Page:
I think that it is safe to say that the R.A.G.E. Works audience probably all like kung-fu. Some of us actually know a little bit of martial arts and the rest would love to even if to just kick that one bastard's teeth in. Still, that is a choice that we all make. No one wants to wake up with mad kung-fu skills at the cost of being strung along like Kermit the Frog. This is where Hidden Dragon Legend comes in. Stories of vengeance and mystical weapons are not new to the genre, so we take a look at this title to see if it can escape the mediocre.
Hidden Dragon Legend Is Channel 5 Reborn
In terms of story, Hidden Dragon Legend falls flat almost immediately. You play the role of Lu, an amnesiac who awakens in a pool of blood. He knows not why he was imprisoned, nor the reason that he is surrounded by countless corpses in a prison. Somehow he does know how to fight (really well at that) and defeats a detachment of guards. Still weak from whatever happened in the prison, he passes out.
Three days later, he awakens in the care of a hermit named Xuanshi and his daughter, Fei. their kindness earns them gruesome deaths at the hands of the one guard Lu allowed to escape. As his memories return in fragments, he vows to avenge those who showed him kindness and find out what was done to him in the prison. This ends the prologue and takes you into the world of Hidden Dragon Legend.
Usually I am a heavy judge on a game's story, but there are a few reasons why I let it go in this case. If you have ever watched kung-fu movies on channel five on a Saturday afternoon, you didn't care about the story. You wanted to see some over the top, kung-fu action. You only paid attention to the dialogue because it was so badly translated that it was laughable. I will speak more on the voice acting later, but Hidden Dragon Legend feels like an old school kung-fu flick – and that is awesome.
You Know Kung-Fu? SHOW ME!
I mentioned that Lu is an amnesiac and yet from the start he knows how to defend himself. Hidden Dragon Legend follows a very basic formula of powering up the character, but you determine just how good Lu is. There are multiple levels of gameplay to explore. You can go at it like an arcade game and just hack and slash your way forward but that will only get you so far. Thorough exploration and item collection allow you to power up Lu's abilities and find new weapons. This in turn will help you improve your sword style and keep you alive longer.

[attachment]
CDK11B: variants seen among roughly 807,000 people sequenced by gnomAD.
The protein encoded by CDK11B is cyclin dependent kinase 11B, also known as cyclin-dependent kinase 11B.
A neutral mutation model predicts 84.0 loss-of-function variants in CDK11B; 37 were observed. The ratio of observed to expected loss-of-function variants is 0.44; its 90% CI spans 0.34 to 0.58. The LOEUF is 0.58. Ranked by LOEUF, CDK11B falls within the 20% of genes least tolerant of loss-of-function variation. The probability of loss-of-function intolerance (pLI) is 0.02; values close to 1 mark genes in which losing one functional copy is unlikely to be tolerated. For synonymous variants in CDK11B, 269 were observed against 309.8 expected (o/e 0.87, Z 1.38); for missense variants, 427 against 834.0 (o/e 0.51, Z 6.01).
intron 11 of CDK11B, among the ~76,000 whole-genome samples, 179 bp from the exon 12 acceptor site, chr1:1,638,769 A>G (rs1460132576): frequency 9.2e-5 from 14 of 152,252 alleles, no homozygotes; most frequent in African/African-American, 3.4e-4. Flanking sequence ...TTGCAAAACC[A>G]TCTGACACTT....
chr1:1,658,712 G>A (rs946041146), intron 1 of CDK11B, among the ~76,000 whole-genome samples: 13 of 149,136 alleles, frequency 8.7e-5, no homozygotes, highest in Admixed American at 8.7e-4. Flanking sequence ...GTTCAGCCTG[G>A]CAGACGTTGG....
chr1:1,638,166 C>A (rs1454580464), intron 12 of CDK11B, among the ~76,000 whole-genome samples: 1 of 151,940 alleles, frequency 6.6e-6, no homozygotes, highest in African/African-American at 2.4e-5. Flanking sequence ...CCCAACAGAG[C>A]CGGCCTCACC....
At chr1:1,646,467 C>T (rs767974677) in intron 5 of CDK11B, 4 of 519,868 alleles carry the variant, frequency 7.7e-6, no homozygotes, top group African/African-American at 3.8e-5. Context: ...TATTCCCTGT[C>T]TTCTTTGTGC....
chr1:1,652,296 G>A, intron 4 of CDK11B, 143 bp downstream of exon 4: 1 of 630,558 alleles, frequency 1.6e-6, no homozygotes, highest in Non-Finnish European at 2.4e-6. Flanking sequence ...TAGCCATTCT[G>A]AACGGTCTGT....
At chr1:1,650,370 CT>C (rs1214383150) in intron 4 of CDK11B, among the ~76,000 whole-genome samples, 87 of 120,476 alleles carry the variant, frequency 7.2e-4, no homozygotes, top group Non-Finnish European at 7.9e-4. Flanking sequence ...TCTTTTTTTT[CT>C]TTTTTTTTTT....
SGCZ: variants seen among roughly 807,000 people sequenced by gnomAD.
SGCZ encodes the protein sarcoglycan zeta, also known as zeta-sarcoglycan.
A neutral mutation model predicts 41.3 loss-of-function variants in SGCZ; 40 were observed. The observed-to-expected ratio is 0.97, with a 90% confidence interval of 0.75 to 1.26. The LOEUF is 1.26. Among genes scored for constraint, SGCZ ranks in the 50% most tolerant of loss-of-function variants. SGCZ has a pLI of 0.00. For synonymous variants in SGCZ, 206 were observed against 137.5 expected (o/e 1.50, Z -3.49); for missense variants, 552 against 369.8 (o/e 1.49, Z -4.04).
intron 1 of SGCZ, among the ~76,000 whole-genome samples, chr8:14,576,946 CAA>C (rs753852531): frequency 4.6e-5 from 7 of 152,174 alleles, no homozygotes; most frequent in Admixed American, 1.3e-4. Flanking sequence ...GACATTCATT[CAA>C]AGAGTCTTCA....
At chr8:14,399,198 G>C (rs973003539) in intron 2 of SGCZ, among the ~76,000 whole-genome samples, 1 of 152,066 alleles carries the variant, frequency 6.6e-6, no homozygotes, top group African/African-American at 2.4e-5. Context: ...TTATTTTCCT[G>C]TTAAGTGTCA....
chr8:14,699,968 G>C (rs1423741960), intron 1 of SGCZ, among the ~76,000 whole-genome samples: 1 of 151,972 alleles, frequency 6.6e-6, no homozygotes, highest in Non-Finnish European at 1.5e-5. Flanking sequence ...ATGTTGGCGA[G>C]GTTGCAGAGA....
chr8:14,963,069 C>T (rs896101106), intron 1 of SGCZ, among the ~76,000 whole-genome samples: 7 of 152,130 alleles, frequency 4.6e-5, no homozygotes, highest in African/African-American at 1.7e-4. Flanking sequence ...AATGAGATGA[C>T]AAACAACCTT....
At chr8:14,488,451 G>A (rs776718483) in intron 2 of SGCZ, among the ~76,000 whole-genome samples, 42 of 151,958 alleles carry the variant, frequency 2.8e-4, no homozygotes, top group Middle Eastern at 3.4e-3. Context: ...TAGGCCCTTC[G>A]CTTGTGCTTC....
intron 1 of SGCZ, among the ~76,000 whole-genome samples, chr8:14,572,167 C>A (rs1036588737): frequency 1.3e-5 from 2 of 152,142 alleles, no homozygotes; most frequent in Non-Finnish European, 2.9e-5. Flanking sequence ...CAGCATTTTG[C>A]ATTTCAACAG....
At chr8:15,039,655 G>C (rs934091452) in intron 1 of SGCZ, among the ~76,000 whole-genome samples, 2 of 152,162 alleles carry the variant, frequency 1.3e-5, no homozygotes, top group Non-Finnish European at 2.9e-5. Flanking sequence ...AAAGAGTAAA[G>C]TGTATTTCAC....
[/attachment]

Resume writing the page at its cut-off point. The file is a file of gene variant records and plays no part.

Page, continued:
The gameplay mixes arcade, platformer and RPG into the very Dragon Cauldron behind the story. Defeating your enemies is as much about using the right tools as it is the right moves. At your disposal (once you locate them) are multiple swords and daggers. Lu will always employ swordplay as his primary attack, but holding L2 and tapping square allows for ranged dagger attacks. These can stun and poison enemies if used correctly. Using dash and the grapple effectively will help you obtain these items and power up special abilities as well. If you enjoyed the recent Strider remake, this game is right up your alley.
The visuals of Hidden Dragon Legend instantly grabbed me along with many others. It is not often that an independent title looks this good. As you slice your way through hordes of enemies, there is no drop in framerate and the particle, water and fire effects are usually fantastic. I say usually because there are some hiccups. Some animations feel like you are looking at a different game. In terms of animation, the murder of Xuanshi and Fei were on a PS1 level. After that, things go right back to being beautiful; it is very strange.
Where the game never falters is its music. Unfortunately, as of the publishing of this article, I was unable to get details on the composer. The score for this game is movie-worthy and the pieces fit the setting of the game. In one section, as you ascend a bell tower, the music comes with a haunting bell echo in the background. You may even find yourself trying to adjust the SFX volume to hear the music better. This is a game that needs to be played in full surround sound.
I mentioned earlier the “channel 5 factor” of this game. In terms of story, Hidden Dragon Legend is part old school kung-fu and part Crouching Tiger. Despite what I am about to say, I could not give the game a higher accolade for its genre. The voice acting is bad. I am not sure if it was intentionally recorded this way or if the actors do not natively speak English. Watch the launch trailer above to see what I mean. Ever heard the terrible joke, “What is Bruce lee's favorite drink?” If so, you also can imagine the sounds the enemies make. Instant kung-fu classic.
Verdict: Should the Dragon Stay Hidden?
Hidden Dragon Legend is made by a Chinese developer named Mega Fun Games. The cmpany is aptly named because I really enjoy this title. As it loads, a picture of the Dualshock 4 displays and shows you Lu's controls. It looks daunting, but the game has an incredibly smooth learning curve. This is good because enemies get tough from early on as do some of the puzzles. Collecting all items takes thought and exploration. Your reward will be enemies that fall more easily and provide you with more items.
In all, Oasis Games says there is roughly ten hours of gameplay. I think that may be extended for completionists when you consider that the platinum trophy requires at two playthroughs of the game. I believe that this is a title that speed runners will also want to get their hands on. Put together the flashy combos, secret attack moves and ability to dupe enemies and you have an absolute winner in Hidden Dragon Legend.